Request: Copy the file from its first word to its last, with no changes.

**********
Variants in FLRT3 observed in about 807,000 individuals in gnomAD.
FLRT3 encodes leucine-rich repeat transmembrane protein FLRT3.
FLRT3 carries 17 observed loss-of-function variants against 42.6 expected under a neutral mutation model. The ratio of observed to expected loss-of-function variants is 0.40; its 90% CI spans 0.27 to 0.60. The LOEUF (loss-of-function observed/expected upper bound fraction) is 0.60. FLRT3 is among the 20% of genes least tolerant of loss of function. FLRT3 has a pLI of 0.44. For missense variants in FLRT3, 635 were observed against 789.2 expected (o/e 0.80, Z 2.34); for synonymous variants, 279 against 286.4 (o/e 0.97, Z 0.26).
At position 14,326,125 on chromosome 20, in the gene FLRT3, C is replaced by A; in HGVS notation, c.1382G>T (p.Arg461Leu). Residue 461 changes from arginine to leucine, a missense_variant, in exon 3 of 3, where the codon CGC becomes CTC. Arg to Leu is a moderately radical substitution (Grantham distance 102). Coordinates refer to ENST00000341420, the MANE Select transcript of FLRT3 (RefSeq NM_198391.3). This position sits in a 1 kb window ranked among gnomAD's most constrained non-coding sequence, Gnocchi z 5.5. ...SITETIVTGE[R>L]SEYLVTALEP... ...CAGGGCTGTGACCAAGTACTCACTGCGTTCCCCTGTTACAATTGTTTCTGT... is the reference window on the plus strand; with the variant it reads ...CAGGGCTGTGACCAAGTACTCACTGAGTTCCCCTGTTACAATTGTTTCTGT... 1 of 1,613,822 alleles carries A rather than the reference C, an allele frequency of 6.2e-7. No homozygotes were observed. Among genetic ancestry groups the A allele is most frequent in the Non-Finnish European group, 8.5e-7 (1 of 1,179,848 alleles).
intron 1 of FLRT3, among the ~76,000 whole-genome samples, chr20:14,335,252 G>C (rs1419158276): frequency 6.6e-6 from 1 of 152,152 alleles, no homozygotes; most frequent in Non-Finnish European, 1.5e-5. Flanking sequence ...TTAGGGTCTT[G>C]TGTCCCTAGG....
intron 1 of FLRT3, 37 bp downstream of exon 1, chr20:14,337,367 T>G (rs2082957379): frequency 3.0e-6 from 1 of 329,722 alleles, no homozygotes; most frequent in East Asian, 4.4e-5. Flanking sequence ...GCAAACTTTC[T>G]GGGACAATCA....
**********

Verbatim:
Variants in FLRT3 observed in about 807,000 individuals in gnomAD.
FLRT3 encodes leucine-rich repeat transmembrane protein FLRT3.
FLRT3 carries 17 observed loss-of-function variants against 42.6 expected under a neutral mutation model. The ratio of observed to expected loss-of-function variants is 0.40; its 90% CI spans 0.27 to 0.60. The LOEUF (loss-of-function observed/expected upper bound fraction) is 0.60. FLRT3 is among the 20% of genes least tolerant of loss of function. FLRT3 has a pLI of 0.44. For missense variants in FLRT3, 635 were observed against 789.2 expected (o/e 0.80, Z 2.34); for synonymous variants, 279 against 286.4 (o/e 0.97, Z 0.26).
At position 14,326,125 on chromosome 20, in the gene FLRT3, C is replaced by A; in HGVS notation, c.1382G>T (p.Arg461Leu). Residue 461 changes from arginine to leucine, a missense_variant, in exon 3 of 3, where the codon CGC becomes CTC. Arg to Leu is a moderately radical substitution (Grantham distance 102). Coordinates refer to ENST00000341420, the MANE Select transcript of FLRT3 (RefSeq NM_198391.3). This position sits in a 1 kb window ranked among gnomAD's most constrained non-coding sequence, Gnocchi z 5.5. ...SITETIVTGE[R>L]SEYLVTALEP... ...CAGGGCTGTGACCAAGTACTCACTGCGTTCCCCTGTTACAATTGTTTCTGT... is the reference window on the plus strand; with the variant it reads ...CAGGGCTGTGACCAAGTACTCACTGAGTTCCCCTGTTACAATTGTTTCTGT... 1 of 1,613,822 alleles carries A rather than the reference C, an allele frequency of 6.2e-7. No homozygotes were observed. Among genetic ancestry groups the A allele is most frequent in the Non-Finnish European group, 8.5e-7 (1 of 1,179,848 alleles).
intron 1 of FLRT3, among the ~76,000 whole-genome samples, chr20:14,335,252 G>C (rs1419158276): frequency 6.6e-6 from 1 of 152,152 alleles, no homozygotes; most frequent in Non-Finnish European, 1.5e-5. Flanking sequence ...TTAGGGTCTT[G>C]TGTCCCTAGG....
intron 1 of FLRT3, 37 bp downstream of exon 1, chr20:14,337,367 T>G (rs2082957379): frequency 3.0e-6 from 1 of 329,722 alleles, no homozygotes; most frequent in East Asian, 4.4e-5. Flanking sequence ...GCAAACTTTC[T>G]GGGACAATCA....